Cutting through the cloud of clichés, Sonia's shenanigans have created new openings for the NDA. As the Congress hurtles towards puerile adventurism, the Opposition has the opportunity to quietly fish in troubled waters and position itself as the sober alternative. For the BJP, this is the time for patient preparation and deft strategy. It is certainly not the moment to hare round India in a bus searching for a fruit that is not ready for plucking.

Can you fight the Reality TV remake of Mother India with a Doordarshan version of Sunset Boulevard?
**********************************************************************************   This Congman's complaint brought Sonia down

LUCKNOW, March 23: When Madan Mohan Shukla, a little-known UP Congressman, took his personal battle to a high moral platform, little would he have known that it might boomerang two years later—on his party chief.


His swagger at having been able to fight and win an unequal war with Jaya Bachchan, helped by political grandmasters like Mulayam Singh Yadav and Amar Singh, has today been replaced by a brave face.

On Sonia's resignation on Thursday though, he parroted the Congress theme: ''The idol of sacrifice, our leader''.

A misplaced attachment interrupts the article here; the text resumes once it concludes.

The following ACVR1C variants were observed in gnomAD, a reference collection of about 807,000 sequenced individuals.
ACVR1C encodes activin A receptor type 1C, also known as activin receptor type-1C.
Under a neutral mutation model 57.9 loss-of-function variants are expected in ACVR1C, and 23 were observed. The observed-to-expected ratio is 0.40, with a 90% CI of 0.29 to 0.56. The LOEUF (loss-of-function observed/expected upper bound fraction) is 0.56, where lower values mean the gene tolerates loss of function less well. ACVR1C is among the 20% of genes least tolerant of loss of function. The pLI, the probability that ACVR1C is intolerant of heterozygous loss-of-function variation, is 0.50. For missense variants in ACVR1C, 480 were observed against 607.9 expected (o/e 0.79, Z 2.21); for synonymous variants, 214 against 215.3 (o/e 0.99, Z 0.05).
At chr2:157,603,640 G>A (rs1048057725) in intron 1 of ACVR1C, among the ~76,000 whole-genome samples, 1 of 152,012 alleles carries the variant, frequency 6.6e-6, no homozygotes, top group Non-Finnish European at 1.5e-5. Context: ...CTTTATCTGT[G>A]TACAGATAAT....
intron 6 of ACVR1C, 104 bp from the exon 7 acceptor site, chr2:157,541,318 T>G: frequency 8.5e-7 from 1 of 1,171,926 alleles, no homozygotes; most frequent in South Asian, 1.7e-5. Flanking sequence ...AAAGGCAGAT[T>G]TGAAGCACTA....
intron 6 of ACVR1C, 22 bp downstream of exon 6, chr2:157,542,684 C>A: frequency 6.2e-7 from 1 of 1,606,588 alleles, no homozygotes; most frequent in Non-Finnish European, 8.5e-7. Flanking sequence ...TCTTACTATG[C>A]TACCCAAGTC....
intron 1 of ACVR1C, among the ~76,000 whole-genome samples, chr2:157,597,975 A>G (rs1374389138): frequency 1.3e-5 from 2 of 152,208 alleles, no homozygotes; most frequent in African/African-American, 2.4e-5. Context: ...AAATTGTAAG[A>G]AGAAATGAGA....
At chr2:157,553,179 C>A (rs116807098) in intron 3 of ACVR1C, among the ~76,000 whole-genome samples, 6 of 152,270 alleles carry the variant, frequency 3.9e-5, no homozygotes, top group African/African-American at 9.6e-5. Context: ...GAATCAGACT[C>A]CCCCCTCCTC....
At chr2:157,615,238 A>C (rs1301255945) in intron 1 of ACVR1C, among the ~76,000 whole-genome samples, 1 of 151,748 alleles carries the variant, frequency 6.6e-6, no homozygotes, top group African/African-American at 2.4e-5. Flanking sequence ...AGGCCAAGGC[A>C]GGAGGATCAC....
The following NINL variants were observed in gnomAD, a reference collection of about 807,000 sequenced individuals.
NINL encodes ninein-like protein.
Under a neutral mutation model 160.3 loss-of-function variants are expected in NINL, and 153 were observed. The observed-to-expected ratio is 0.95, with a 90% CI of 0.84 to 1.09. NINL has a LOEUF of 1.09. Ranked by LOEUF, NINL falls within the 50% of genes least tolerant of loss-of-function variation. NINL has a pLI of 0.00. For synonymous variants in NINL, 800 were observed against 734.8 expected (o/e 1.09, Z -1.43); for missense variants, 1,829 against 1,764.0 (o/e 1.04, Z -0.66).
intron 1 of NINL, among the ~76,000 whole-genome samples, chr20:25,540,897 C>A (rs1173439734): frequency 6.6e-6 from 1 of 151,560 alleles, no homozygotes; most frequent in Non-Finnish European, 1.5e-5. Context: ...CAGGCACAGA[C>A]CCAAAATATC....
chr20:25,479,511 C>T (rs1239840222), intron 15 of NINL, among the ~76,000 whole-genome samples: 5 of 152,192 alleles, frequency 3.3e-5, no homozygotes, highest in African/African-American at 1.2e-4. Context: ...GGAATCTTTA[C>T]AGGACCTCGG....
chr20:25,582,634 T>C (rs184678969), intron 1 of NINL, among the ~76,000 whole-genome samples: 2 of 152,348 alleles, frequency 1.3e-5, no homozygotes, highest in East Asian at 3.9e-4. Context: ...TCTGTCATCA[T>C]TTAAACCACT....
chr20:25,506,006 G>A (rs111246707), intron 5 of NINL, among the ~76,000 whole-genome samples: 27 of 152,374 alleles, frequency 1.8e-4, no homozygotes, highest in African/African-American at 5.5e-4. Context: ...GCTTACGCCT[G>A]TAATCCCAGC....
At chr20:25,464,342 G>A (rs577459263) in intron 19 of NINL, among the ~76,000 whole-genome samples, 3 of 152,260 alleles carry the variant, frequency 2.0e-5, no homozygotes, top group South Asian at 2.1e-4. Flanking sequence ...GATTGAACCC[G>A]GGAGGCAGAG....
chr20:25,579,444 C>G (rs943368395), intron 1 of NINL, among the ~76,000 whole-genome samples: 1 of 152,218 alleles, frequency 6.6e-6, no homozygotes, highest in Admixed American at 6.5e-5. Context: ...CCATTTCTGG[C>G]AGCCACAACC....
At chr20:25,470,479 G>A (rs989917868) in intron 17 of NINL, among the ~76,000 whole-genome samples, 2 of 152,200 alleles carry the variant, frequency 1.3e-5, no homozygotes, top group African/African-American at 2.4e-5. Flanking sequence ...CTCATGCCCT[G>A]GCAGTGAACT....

And asked if he would now want to climb down from the high horse he rode on, he said, ''It was Mulayam Yadav and Co, who brought the ordinance to denotify 79 posts of offices of profit.''

Asked for his view on an office of profit today, the reply: ''My stance on the issue was true then and even now.''

In 2004, Shukla's nomination for the Rajya Sabha was turned down as he had not filled in his educational qualification. He filed a complaint with the Election Commission that his opponent, Jaya Bachchan, too could not take that seat for she held an office of profit. But her political advisers found a way out — get her to resign as the chairperson of UP Film Development Council on a back date. So, as a Rajya Sabha member, she would have only one post. Soon after, she was happily made the Council chairperson, much to the chagrin of Shukla and the Congress.